Blockchain’s role in the age of #MeToo

In 2017, sexual assault and harassment victims around the world finally got their chance at being heard when they tackled the issue through the widespread social media campaign known as the #MeToo movement.

The movement was based on the hashtag #MeToo, for people of all genders and backgrounds who had been assaulted to tell their story or show the world that the problem was more widespread than they were given credit for. This raised awareness and conversations across the planet about sexual assault, consent, and what to do about the problem.

The world ever adapting, this includes technology. We know how blockchain technology is used to protect data and finances, as well as it’s vital role in e-currency. But could it really have a place in the revolutionary #MeToo movement? Well, it looks like it may already have one.

Why Blockchain?

Dating apps are common in 2018, but so is catfishing. Blockchain is being used in many new startup dating apps as a means to fix security problems that have been present in some of the most common dating apps like Tinder and its contemporaries. Investopedia pointed out that using blockchain increases matchmaking potential, transparency and identity verification, and it’s redefining what we think of dating apps as. For instance, some of these apps even require a person to reveal if they have an STD up front.

This isn’t the first time blockchain technology has been used to address matters of health security — Duquesne University covered how that kind of technology is being used to prevent data breaches in the healthcare in an infographic they released recently. However, this may be the first time it’s being brought into our day-to-day sexual lives. Additionally, its use to vet members is keeping people safe from potential predators. The benefits of blockchain for these reasons are obvious. But there are some barriers to it becoming widespread, even with the pros.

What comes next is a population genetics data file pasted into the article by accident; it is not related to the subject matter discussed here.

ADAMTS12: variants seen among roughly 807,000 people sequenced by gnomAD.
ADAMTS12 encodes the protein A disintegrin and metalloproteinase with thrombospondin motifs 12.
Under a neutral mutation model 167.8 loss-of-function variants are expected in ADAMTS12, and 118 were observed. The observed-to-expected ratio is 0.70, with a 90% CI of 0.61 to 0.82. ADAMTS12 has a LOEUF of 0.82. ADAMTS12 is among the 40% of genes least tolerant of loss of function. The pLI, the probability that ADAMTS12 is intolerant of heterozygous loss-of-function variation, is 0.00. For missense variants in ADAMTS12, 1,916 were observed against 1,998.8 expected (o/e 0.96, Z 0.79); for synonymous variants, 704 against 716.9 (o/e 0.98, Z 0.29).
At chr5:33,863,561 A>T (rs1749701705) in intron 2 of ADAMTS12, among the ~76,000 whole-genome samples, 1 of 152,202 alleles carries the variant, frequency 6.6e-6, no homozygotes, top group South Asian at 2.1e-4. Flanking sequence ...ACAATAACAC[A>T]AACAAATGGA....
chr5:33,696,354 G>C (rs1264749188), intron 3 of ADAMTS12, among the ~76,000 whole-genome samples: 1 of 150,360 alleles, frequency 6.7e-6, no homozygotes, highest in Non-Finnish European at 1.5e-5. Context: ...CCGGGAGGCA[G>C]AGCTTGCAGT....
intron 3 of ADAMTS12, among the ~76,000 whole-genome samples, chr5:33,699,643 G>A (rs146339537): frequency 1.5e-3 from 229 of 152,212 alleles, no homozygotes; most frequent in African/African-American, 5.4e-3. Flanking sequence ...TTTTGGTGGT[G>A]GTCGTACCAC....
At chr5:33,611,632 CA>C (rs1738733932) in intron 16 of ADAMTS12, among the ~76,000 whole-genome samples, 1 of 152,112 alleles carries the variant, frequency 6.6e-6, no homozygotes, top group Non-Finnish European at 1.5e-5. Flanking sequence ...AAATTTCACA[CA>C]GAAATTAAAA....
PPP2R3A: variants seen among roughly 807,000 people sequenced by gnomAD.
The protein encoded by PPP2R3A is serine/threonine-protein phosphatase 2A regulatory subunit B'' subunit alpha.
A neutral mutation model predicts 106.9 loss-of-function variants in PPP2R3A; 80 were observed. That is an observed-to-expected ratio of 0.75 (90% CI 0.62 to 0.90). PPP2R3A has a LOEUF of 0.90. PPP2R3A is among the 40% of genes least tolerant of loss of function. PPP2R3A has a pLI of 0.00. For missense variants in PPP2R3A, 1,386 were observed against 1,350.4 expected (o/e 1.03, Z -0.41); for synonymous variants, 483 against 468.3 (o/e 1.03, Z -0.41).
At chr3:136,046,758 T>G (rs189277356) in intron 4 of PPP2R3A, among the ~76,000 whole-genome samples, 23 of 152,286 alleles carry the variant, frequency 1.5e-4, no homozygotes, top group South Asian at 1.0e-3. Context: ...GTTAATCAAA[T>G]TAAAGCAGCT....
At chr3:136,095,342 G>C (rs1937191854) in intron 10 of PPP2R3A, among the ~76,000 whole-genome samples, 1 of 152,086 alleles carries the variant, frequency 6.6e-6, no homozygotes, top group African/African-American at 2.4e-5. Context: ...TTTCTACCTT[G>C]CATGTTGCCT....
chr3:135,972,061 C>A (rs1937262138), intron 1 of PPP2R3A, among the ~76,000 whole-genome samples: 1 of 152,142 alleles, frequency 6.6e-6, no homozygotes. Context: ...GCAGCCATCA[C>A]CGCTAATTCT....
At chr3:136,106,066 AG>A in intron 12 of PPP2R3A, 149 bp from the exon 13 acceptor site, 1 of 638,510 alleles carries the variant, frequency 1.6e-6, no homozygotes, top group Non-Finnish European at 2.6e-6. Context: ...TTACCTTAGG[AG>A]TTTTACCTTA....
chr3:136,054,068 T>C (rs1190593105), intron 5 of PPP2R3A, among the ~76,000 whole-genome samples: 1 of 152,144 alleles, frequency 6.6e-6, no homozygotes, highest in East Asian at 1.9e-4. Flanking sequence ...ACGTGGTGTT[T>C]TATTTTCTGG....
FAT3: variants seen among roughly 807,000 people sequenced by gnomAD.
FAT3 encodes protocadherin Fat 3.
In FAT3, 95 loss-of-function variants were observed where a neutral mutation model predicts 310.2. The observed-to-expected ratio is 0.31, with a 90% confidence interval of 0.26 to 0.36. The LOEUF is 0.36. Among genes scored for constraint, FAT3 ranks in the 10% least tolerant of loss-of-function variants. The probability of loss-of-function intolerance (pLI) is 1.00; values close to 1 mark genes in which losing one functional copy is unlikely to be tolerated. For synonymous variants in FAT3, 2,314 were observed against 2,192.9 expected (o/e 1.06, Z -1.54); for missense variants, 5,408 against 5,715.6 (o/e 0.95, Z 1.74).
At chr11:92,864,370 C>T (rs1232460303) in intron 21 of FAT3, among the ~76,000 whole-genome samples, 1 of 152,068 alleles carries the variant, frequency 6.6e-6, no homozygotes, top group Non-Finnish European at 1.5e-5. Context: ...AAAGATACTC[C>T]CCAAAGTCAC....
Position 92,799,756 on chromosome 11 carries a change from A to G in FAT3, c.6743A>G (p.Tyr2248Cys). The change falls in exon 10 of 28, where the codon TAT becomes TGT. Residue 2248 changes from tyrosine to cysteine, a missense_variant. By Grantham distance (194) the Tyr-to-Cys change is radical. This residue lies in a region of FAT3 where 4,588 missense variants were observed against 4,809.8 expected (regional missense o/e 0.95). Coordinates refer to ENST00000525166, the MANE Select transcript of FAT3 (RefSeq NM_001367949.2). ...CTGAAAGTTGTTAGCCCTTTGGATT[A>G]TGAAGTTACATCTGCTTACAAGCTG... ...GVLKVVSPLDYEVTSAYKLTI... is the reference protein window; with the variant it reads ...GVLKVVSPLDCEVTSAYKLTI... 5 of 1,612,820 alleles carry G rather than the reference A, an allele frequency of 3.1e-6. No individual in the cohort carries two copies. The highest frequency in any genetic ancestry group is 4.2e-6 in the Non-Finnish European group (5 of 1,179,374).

Not everyone thinks hard, required consent brought forth by these blockchain apps is reasonable. Some have begun using blockchain technology to create apps that require legal, recorded consent before ever “hooking up.” However, there are people who believe this to be an overreaction and an invasion of privacy. They argue that it’s dangerous, due to ill-intentioned people who could claim rape happened while both parties actually consented with body language and other spoken words — it would put proof on the app, not the actual encounter.

Among those who have decried these apps is French actress Catherine Deneuve, who went as far to decry the #MeToo movement due to her views on the app then took it back. She said, “clumsy flirting” is not a crime and implied that such apps would make it so. However, supporters of the app say that is not the point, putting emphasis on the importance of consent. They call for assured consent.

The Practical Middle Ground

There does seem to be a middle ground between those claiming these apps is an overstep and those who recognize technology’s place in the #MeToo movement besides a hashtag on social media. Before addressing what technology can do, we need to admit that our culture has simply done a terrible job of teaching consent.

Consent starts with education, as does preventing STDs and communicating transparently before entering into a sexual situation. This includes emphasizing the importance of first handling your sexual health before even making an account on any of these apps. Yes, it can be a hassle, and sometimes money is an issue. However, sometimes insurance will cover your reproductive health procedures, and other times you may have to pay out of pocket. But taking care of yourself is important before engaging in any kind of sexual activity, as is having the absolute consent of the other party involved.

After teaching consent, we have to accept that there are ill-intentioned people in the world. Why can’t a system such as the blockchain technology be used in such an important way as to combat perpetrators of sexual assault? These apps need to enlist the best ways to protect user data, of course, but that’s what blockchain is good at! Additionally, encrypting financial data as well as people’s private information like phone numbers and e-mail addresses can be handled through blockchain.

If we really want the apps to cover the problem as best as possible, then maybe we should start enlisting women in the creation of such apps, as statistically they often find themselves on the victim side of #MeToo situations. There are several women involved in blockchain technology that could collaborate with app developers to create an app that is safe for data and a person’s safety and approaches sexual consent realistically. However, until these apps become widespread and consent features are more than just narrowly tested, we won’t be able to have a perfect system.

Have you used a dating app that has a consent feature? What was your experience? Let us know in the comments below.

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